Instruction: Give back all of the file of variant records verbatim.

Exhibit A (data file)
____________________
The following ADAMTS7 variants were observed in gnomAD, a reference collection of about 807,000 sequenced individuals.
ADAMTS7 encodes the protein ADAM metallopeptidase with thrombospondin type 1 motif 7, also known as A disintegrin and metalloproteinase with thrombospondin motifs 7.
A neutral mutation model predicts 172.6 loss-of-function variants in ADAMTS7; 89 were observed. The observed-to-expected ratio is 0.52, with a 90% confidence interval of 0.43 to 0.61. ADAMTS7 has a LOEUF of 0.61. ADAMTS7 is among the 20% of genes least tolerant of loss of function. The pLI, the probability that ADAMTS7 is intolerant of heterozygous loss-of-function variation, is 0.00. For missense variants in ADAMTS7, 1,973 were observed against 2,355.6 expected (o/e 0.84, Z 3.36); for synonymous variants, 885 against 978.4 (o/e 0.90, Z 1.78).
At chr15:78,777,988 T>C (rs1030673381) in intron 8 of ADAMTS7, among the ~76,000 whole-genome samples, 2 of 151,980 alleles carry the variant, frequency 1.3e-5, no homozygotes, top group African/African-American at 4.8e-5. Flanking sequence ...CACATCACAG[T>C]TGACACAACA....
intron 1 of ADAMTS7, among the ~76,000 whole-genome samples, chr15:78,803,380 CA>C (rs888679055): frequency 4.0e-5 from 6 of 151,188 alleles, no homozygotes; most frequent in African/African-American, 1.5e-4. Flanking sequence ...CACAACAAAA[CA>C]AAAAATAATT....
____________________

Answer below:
The following ADAMTS7 variants were observed in gnomAD, a reference collection of about 807,000 sequenced individuals.
ADAMTS7 encodes the protein ADAM metallopeptidase with thrombospondin type 1 motif 7, also known as A disintegrin and metalloproteinase with thrombospondin motifs 7.
A neutral mutation model predicts 172.6 loss-of-function variants in ADAMTS7; 89 were observed. The observed-to-expected ratio is 0.52, with a 90% confidence interval of 0.43 to 0.61. ADAMTS7 has a LOEUF of 0.61. ADAMTS7 is among the 20% of genes least tolerant of loss of function. The pLI, the probability that ADAMTS7 is intolerant of heterozygous loss-of-function variation, is 0.00. For missense variants in ADAMTS7, 1,973 were observed against 2,355.6 expected (o/e 0.84, Z 3.36); for synonymous variants, 885 against 978.4 (o/e 0.90, Z 1.78).
At chr15:78,777,988 T>C (rs1030673381) in intron 8 of ADAMTS7, among the ~76,000 whole-genome samples, 2 of 151,980 alleles carry the variant, frequency 1.3e-5, no homozygotes, top group African/African-American at 4.8e-5. Flanking sequence ...CACATCACAG[T>C]TGACACAACA....
intron 1 of ADAMTS7, among the ~76,000 whole-genome samples, chr15:78,803,380 CA>C (rs888679055): frequency 4.0e-5 from 6 of 151,188 alleles, no homozygotes; most frequent in African/African-American, 1.5e-4. Flanking sequence ...CACAACAAAA[CA>C]AAAAATAATT....